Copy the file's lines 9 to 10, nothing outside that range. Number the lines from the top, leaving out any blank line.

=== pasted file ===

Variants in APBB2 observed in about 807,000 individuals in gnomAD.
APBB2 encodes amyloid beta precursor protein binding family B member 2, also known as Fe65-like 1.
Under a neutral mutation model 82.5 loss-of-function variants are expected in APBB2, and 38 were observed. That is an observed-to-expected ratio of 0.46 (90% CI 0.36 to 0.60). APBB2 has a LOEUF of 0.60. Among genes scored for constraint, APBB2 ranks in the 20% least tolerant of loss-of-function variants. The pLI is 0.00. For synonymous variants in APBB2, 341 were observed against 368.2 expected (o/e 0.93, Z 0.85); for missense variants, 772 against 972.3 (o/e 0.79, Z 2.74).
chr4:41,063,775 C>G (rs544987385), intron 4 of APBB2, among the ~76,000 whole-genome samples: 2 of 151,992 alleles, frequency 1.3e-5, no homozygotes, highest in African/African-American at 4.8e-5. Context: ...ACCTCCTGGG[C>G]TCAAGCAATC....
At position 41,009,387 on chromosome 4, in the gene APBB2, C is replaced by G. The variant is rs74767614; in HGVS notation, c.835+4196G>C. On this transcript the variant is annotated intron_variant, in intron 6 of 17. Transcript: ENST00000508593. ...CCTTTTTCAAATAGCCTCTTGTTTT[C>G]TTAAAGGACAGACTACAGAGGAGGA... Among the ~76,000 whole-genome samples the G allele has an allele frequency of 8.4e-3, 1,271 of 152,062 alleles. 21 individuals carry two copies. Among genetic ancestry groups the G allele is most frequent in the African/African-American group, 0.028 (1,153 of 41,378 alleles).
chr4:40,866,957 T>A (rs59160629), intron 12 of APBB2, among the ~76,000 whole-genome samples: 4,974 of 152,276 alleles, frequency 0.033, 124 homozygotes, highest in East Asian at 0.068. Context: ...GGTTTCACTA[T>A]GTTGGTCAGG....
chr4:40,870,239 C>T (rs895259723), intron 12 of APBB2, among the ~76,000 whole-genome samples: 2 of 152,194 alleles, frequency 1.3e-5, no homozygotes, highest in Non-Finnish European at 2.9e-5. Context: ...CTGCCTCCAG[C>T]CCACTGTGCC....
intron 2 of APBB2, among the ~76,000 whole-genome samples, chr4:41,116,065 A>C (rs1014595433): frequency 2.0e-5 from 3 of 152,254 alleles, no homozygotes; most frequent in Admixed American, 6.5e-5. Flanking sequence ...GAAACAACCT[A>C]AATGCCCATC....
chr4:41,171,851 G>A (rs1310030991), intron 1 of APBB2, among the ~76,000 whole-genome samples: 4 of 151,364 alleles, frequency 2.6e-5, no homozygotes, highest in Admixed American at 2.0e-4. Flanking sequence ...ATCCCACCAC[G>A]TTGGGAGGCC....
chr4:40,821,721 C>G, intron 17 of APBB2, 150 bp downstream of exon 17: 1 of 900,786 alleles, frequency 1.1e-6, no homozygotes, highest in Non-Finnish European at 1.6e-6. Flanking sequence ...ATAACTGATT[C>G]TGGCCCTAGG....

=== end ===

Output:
chr4:41,171,851 G>A (rs1310030991), intron 1 of APBB2, among the ~76,000 whole-genome samples: 4 of 151,364 alleles, frequency 2.6e-5, no homozygotes, highest in Admixed American at 2.0e-4. Flanking sequence ...ATCCCACCAC[G>A]TTGGGAGGCC....
chr4:40,821,721 C>G, intron 17 of APBB2, 150 bp downstream of exon 17: 1 of 900,786 alleles, frequency 1.1e-6, no homozygotes, highest in Non-Finnish European at 1.6e-6. Flanking sequence ...ATAACTGATT[C>G]TGGCCCTAGG....